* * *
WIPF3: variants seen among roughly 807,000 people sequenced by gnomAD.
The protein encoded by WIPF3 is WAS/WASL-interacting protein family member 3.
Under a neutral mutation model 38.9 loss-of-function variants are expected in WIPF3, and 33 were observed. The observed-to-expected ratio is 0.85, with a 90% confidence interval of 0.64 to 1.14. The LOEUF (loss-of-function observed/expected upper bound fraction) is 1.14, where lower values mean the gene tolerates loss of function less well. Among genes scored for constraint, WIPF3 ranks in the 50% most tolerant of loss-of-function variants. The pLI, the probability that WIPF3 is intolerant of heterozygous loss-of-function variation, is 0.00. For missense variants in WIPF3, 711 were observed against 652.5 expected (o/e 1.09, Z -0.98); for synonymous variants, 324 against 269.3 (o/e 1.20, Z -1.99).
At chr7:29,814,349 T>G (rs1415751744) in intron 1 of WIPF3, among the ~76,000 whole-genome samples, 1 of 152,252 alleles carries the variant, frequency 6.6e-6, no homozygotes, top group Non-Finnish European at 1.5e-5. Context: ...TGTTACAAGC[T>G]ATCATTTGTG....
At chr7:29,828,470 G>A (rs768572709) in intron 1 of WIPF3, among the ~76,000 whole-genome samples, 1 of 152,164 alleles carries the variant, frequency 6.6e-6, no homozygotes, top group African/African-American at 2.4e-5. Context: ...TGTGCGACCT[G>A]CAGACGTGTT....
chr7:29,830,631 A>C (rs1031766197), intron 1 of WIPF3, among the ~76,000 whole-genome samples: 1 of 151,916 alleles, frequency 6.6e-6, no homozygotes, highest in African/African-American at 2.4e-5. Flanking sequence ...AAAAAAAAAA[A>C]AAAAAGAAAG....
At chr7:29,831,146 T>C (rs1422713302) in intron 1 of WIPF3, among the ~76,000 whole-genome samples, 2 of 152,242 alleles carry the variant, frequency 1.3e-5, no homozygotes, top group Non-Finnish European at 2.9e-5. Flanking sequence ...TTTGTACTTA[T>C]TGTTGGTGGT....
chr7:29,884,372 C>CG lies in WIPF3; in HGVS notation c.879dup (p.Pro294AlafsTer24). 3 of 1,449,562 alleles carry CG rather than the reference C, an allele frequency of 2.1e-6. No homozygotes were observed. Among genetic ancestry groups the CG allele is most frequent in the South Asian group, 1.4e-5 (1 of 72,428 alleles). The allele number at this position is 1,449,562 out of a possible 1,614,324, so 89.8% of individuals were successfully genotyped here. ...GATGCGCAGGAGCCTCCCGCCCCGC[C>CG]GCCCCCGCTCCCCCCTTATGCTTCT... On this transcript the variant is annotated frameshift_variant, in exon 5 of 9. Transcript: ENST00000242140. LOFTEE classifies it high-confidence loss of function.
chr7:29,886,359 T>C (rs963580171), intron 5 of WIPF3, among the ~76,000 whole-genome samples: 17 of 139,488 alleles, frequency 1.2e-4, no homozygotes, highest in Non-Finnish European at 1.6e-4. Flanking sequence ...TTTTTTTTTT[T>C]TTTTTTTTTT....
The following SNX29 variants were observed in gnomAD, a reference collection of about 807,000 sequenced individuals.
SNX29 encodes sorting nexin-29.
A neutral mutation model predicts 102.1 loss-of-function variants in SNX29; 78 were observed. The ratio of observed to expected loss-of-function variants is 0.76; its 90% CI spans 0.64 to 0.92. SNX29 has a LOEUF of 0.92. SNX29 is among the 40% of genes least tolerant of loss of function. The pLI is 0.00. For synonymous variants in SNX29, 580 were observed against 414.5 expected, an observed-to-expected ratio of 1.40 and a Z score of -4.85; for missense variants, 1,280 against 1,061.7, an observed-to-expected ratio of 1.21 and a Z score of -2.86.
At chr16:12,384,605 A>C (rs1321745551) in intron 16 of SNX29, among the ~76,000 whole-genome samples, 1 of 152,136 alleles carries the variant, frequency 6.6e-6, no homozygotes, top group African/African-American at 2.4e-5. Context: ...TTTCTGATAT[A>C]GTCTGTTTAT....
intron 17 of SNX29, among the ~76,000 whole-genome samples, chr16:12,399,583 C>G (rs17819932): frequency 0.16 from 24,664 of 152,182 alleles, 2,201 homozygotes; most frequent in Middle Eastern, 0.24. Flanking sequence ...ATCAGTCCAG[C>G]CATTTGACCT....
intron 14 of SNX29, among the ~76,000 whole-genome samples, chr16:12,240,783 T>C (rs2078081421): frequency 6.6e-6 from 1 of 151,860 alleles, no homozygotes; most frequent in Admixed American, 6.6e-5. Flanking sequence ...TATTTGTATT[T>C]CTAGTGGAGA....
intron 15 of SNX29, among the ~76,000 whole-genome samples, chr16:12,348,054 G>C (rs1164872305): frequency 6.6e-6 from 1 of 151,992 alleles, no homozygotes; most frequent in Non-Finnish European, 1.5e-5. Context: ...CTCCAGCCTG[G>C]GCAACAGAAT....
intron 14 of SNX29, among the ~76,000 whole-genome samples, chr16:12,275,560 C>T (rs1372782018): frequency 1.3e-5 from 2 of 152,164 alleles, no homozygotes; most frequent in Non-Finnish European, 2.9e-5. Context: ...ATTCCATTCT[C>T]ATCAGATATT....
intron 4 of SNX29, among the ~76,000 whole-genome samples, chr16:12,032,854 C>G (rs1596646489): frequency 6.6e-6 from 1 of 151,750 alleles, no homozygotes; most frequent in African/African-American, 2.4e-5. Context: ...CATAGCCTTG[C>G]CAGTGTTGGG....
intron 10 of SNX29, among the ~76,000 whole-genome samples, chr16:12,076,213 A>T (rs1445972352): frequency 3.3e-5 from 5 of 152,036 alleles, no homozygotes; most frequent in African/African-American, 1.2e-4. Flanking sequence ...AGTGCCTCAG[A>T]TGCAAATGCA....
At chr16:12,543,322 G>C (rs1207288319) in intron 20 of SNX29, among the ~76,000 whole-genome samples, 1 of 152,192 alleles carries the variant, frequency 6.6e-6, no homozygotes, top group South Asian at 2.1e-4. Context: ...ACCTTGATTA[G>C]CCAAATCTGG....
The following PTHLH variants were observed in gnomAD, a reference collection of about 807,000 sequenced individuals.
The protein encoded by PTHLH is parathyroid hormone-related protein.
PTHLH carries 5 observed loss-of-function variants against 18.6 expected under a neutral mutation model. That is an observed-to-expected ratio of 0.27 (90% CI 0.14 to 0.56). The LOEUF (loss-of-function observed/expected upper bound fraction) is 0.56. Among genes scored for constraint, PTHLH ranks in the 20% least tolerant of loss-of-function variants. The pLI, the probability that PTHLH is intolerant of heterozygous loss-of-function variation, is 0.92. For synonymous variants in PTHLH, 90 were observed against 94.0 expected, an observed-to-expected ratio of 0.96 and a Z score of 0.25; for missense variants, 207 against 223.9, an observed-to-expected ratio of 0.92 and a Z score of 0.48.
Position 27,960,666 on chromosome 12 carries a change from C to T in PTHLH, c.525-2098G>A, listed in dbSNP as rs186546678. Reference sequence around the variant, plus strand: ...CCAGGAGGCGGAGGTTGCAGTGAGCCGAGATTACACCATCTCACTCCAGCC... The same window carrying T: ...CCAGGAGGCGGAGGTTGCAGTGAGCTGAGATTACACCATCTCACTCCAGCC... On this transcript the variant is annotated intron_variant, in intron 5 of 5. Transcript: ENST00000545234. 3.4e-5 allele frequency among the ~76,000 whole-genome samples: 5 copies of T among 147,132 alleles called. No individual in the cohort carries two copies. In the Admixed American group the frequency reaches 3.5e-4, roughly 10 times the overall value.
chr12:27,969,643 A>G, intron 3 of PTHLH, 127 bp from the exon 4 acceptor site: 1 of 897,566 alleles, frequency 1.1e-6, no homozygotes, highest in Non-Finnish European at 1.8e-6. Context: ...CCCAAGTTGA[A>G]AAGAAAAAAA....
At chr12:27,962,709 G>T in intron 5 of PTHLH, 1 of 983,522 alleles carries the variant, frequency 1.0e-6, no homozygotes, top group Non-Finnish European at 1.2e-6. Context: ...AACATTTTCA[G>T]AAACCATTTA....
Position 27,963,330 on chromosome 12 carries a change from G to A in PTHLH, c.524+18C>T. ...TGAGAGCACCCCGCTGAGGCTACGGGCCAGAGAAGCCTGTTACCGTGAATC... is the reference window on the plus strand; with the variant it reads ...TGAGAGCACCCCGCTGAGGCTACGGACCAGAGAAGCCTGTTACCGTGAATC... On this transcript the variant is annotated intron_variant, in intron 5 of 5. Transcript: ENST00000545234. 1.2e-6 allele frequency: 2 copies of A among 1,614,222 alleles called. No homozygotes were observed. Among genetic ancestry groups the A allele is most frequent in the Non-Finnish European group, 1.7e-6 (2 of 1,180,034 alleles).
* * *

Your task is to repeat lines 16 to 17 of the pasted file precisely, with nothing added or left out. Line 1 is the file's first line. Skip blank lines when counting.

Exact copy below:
intron 15 of SNX29, among the ~76,000 whole-genome samples, chr16:12,348,054 G>C (rs1164872305): frequency 6.6e-6 from 1 of 151,992 alleles, no homozygotes; most frequent in Non-Finnish European, 1.5e-5. Context: ...CTCCAGCCTG[G>C]GCAACAGAAT....
intron 14 of SNX29, among the ~76,000 whole-genome samples, chr16:12,275,560 C>T (rs1372782018): frequency 1.3e-5 from 2 of 152,164 alleles, no homozygotes; most frequent in Non-Finnish European, 2.9e-5. Context: ...ATTCCATTCT[C>T]ATCAGATATT....